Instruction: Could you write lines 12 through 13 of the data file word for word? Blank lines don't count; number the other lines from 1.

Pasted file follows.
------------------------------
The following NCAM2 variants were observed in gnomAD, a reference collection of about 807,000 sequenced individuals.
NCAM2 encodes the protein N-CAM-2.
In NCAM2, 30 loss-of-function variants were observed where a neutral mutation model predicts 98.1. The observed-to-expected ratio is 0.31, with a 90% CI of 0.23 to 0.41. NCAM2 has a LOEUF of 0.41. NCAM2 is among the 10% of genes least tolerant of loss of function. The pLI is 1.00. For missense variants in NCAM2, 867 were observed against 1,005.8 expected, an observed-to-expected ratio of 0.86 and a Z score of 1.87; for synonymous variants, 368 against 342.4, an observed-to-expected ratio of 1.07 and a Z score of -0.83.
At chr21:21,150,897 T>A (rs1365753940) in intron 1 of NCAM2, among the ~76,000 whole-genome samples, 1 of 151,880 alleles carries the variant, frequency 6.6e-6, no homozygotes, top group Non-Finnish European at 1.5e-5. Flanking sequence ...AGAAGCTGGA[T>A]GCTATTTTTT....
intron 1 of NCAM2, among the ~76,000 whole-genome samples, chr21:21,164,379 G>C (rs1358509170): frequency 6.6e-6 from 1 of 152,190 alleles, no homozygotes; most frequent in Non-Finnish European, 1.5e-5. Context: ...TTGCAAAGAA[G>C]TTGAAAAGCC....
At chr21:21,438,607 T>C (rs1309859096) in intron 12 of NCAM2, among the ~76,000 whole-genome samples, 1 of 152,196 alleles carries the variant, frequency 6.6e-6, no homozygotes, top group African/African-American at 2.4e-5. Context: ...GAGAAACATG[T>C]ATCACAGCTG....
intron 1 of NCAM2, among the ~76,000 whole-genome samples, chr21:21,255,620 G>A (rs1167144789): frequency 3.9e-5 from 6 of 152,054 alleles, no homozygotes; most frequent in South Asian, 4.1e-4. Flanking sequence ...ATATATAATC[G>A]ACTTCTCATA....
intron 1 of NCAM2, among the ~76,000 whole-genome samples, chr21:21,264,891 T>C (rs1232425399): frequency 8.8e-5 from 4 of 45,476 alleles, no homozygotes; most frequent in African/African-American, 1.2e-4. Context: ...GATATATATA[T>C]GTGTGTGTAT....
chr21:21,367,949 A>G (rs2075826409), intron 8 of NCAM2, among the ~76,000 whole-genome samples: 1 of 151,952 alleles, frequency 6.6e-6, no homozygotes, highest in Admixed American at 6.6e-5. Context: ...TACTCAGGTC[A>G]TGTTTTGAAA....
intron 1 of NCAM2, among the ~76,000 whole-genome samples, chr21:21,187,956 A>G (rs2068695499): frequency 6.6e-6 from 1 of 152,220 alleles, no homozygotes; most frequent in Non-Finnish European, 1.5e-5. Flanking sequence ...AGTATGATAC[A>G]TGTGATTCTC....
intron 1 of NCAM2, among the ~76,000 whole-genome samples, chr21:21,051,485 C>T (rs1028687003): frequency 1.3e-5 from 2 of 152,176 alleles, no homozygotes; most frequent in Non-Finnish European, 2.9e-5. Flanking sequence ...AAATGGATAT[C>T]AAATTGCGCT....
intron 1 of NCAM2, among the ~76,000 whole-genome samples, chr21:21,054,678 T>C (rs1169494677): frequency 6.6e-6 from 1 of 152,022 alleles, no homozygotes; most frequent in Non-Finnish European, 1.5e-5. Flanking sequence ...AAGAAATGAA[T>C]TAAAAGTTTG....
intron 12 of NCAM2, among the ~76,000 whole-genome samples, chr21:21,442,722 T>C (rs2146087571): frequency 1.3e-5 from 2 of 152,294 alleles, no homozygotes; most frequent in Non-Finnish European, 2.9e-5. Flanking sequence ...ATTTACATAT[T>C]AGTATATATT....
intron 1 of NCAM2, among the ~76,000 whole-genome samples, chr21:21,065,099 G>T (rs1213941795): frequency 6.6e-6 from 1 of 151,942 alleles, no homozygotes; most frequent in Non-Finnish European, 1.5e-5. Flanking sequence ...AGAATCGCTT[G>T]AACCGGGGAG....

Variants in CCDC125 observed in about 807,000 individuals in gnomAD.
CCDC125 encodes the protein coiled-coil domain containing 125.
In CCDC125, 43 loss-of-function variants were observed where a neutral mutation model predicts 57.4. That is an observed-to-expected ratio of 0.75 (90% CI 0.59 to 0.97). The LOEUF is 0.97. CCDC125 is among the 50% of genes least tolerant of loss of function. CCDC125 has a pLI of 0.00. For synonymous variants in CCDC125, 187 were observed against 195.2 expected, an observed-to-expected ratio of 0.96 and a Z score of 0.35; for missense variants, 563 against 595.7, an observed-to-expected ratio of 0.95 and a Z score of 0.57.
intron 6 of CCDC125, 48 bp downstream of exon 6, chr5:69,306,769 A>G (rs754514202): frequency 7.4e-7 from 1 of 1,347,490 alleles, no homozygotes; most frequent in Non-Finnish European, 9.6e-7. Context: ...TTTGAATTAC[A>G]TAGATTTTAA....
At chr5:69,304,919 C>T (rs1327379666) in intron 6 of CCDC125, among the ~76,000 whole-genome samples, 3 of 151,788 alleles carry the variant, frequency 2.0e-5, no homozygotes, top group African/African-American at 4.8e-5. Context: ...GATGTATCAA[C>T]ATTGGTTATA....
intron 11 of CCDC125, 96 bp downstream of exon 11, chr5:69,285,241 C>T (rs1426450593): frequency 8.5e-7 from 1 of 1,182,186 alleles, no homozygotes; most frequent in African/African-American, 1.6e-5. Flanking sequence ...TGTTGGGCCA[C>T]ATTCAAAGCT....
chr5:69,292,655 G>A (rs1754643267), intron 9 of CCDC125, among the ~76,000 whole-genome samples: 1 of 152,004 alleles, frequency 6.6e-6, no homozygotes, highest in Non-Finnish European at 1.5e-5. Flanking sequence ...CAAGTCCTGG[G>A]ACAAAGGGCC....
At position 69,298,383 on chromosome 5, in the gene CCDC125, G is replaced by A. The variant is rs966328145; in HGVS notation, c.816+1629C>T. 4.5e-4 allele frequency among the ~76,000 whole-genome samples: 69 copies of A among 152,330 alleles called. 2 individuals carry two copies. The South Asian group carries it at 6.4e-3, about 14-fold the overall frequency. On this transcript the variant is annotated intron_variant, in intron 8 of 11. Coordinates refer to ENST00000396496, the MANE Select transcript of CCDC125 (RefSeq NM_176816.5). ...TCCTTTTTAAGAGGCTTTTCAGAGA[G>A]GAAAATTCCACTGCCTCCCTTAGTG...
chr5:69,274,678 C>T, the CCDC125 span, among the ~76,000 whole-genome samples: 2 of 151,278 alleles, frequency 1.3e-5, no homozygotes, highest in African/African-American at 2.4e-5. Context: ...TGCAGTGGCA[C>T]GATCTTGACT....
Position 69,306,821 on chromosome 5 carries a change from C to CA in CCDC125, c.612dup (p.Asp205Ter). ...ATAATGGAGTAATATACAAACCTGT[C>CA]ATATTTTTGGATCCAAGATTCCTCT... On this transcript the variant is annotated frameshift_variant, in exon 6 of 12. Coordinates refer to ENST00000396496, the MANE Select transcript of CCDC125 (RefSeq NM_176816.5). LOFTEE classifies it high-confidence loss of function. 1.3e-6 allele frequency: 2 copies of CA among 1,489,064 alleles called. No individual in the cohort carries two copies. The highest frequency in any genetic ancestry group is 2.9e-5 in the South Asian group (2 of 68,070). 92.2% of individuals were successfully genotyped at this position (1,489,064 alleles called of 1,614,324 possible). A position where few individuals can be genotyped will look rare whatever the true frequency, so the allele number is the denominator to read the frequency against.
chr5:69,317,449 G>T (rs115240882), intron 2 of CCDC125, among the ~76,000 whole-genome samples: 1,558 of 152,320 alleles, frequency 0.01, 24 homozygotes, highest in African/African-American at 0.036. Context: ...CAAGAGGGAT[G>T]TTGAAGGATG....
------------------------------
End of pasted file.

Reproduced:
intron 1 of NCAM2, among the ~76,000 whole-genome samples, chr21:21,054,678 T>C (rs1169494677): frequency 6.6e-6 from 1 of 152,022 alleles, no homozygotes; most frequent in Non-Finnish European, 1.5e-5. Flanking sequence ...AAGAAATGAA[T>C]TAAAAGTTTG....
intron 12 of NCAM2, among the ~76,000 whole-genome samples, chr21:21,442,722 T>C (rs2146087571): frequency 1.3e-5 from 2 of 152,294 alleles, no homozygotes; most frequent in Non-Finnish European, 2.9e-5. Flanking sequence ...ATTTACATAT[T>C]AGTATATATT....